This section presents the approach known as operational analysis [1], used to establish relationships among quantities based on measured or known data about computer systems. To see how the operational approach might be applied, consider the following motivating problem. Motivating problem: Suppose that during an observation period of 1 minute, a single resource (e.g., the CPU) is observed to be busy for 36 sec. A total of 1800 transactions are observed to arrive to the system. The total number of observed completions is 1800 transactions (i.e., as many completions as arrivals occurred in the observation period). What is the performance of the system (e.g., the mean service time per transaction, the utilization of the resource, the system throughput)? Prior to solving this problem, some commonly accepted operational analysis notation is required for the measured data. The following is a partial list of such measured quantities:
From these known measurable quantities, called operational variables, a set of derived quantities can be obtained. A partial list includes the following:
Using the notation above, the motivating problem can be formally stated and solved in a straightforward manner using operational analysis. The measured quantities are:
Thus, the derived quantities are
Chapter 2 discussed the need to consider multiple class models to account for transactions with different demands on the various resources. The notation presented above can be easily extended to the multiple class case by considering that R is the number of classes and by adding the class number r (r = 1, ···, R) to the subscript. For example, U_{i,r} is the utilization of resource i due to requests of class r and X_{0,r} is the throughput of class r requests. The subsections that follow discuss several useful relationships called operational laws between operational variables. 3.2.1 Utilization LawAs seen above, the utilization of a resource is defined as U_{i} = B_{i}/T. Dividing the numerator and denominator of this ratio by the number of completions from resource i, C_{i}, during the observation interval, yields Equation 3.2.1
The ratio B_{i}/C_{i} is simply the average time that the resource was busy for each completion from resource i, i.e., the average service time S_{i} per visit to the resource. The ratio T/C_{i} is just the inverse of the resource throughput X_{i}. Thus, the relation known as the Utilization Law can be written as: Equation 3.2.2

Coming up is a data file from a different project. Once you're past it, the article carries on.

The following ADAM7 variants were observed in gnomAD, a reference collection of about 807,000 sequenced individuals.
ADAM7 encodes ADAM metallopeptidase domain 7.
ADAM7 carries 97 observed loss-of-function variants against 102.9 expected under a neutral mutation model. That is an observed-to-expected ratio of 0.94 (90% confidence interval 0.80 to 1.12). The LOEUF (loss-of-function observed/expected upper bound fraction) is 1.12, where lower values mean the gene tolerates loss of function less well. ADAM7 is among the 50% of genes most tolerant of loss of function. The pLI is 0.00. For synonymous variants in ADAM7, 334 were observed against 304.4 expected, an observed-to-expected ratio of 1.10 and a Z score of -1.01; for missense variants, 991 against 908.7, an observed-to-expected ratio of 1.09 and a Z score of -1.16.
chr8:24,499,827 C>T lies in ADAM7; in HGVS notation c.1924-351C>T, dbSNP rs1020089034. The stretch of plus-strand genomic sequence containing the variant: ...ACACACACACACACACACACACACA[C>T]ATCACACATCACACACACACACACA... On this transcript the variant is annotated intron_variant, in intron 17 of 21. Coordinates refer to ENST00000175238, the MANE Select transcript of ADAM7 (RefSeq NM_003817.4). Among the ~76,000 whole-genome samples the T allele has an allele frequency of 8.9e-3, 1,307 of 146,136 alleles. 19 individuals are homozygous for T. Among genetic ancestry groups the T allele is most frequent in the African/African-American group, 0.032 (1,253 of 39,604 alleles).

If the number of completions from resource i during the observation interval T is equal to the number of arrivals in that interval, i.e., if C_{i} = A_{i}, then X_{i} = l_{i} and the relationship given by the Utilization Law becomes U_{i} = S_{i} x l_{i}. If resource i has m servers, as in a multiprocessor, the Utilization Law becomes U_{i} = (S_{i} x X_{i})/m. The multiclass version of the Utilization Law is U_{i,r} = S_{i,r} x X_{i,r}. Example 3.1.The bandwidth of a communication link is 56,000 bps and it is used to transmit 1500byte packets that flow through the link at a rate of 3 packets/second. What is the utilization of the link? Start by identifying the operational variables provided or that can be obtained from the measured data. The link is the resource (K = 1) for which the utilization is to be computed. The throughput of that resource, X_{1}, is 3 packets/second. What is the average service time per packet? In other words, what is the average transmission time? Each packet has 1,500 bytes/packet x 8 bits/byte = 12,000 bits/packet. Thus, it takes 12,000 bits/56,000 bits/sec = 0.214 sec to transmit a packet over this link. Therefore, S_{1} = 0.214 sec/packet. Using the Utilization Law, we compute the utilization of the link as S_{1} x X_{1} = 0.214 x 3 = 0.642 = 64.2%. Example 3.2.Consider a computer system with one CPU and three disks used to support a database server. Assume that all database transactions have similar resource demands and that the database server is under a constant load of transactions. Thus, the system is modeled using a singleclass closed QN, as indicated in Fig. 3.1. The CPU is resource 1 and the disks are numbered from 2 to 4. Measurements taken during one hour provide the number of transactions executed (13,680), the number of reads and writes per second on each disk and their utilization, as indicated in Table 3.1. What is the average service time per request on each disk? What is the database server's throughput? Figure 3.1. Closed QN model of a database server.